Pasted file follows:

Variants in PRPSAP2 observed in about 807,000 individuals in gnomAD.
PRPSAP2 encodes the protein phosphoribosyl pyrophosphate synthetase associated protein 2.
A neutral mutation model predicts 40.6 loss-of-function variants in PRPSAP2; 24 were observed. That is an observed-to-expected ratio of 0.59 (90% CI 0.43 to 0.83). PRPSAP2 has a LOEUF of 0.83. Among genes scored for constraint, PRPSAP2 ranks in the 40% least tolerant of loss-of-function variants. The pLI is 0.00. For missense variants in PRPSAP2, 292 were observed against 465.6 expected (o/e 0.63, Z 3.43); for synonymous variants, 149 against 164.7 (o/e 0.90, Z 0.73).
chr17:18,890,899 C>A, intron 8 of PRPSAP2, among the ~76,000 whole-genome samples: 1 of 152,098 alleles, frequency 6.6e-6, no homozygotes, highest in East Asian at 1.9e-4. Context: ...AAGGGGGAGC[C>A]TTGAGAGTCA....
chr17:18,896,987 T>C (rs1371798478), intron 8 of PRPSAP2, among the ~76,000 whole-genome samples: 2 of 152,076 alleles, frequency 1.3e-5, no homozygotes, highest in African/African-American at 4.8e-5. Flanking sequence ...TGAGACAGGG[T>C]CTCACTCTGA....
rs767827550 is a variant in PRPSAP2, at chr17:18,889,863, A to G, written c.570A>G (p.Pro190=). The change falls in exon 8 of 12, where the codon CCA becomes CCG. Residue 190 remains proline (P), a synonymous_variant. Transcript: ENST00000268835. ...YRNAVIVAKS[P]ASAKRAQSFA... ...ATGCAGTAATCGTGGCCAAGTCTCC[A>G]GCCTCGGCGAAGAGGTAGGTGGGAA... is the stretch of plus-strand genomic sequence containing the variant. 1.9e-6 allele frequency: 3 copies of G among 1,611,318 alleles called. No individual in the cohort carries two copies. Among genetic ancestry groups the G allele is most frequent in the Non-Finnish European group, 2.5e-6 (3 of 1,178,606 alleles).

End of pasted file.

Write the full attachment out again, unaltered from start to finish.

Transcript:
Variants in PRPSAP2 observed in about 807,000 individuals in gnomAD.
PRPSAP2 encodes the protein phosphoribosyl pyrophosphate synthetase associated protein 2.
A neutral mutation model predicts 40.6 loss-of-function variants in PRPSAP2; 24 were observed. That is an observed-to-expected ratio of 0.59 (90% CI 0.43 to 0.83). PRPSAP2 has a LOEUF of 0.83. Among genes scored for constraint, PRPSAP2 ranks in the 40% least tolerant of loss-of-function variants. The pLI is 0.00. For missense variants in PRPSAP2, 292 were observed against 465.6 expected (o/e 0.63, Z 3.43); for synonymous variants, 149 against 164.7 (o/e 0.90, Z 0.73).
chr17:18,890,899 C>A, intron 8 of PRPSAP2, among the ~76,000 whole-genome samples: 1 of 152,098 alleles, frequency 6.6e-6, no homozygotes, highest in East Asian at 1.9e-4. Context: ...AAGGGGGAGC[C>A]TTGAGAGTCA....
chr17:18,896,987 T>C (rs1371798478), intron 8 of PRPSAP2, among the ~76,000 whole-genome samples: 2 of 152,076 alleles, frequency 1.3e-5, no homozygotes, highest in African/African-American at 4.8e-5. Flanking sequence ...TGAGACAGGG[T>C]CTCACTCTGA....
rs767827550 is a variant in PRPSAP2, at chr17:18,889,863, A to G, written c.570A>G (p.Pro190=). The change falls in exon 8 of 12, where the codon CCA becomes CCG. Residue 190 remains proline (P), a synonymous_variant. Transcript: ENST00000268835. ...YRNAVIVAKS[P]ASAKRAQSFA... ...ATGCAGTAATCGTGGCCAAGTCTCC[A>G]GCCTCGGCGAAGAGGTAGGTGGGAA... is the stretch of plus-strand genomic sequence containing the variant. 1.9e-6 allele frequency: 3 copies of G among 1,611,318 alleles called. No individual in the cohort carries two copies. Among genetic ancestry groups the G allele is most frequent in the Non-Finnish European group, 2.5e-6 (3 of 1,178,606 alleles).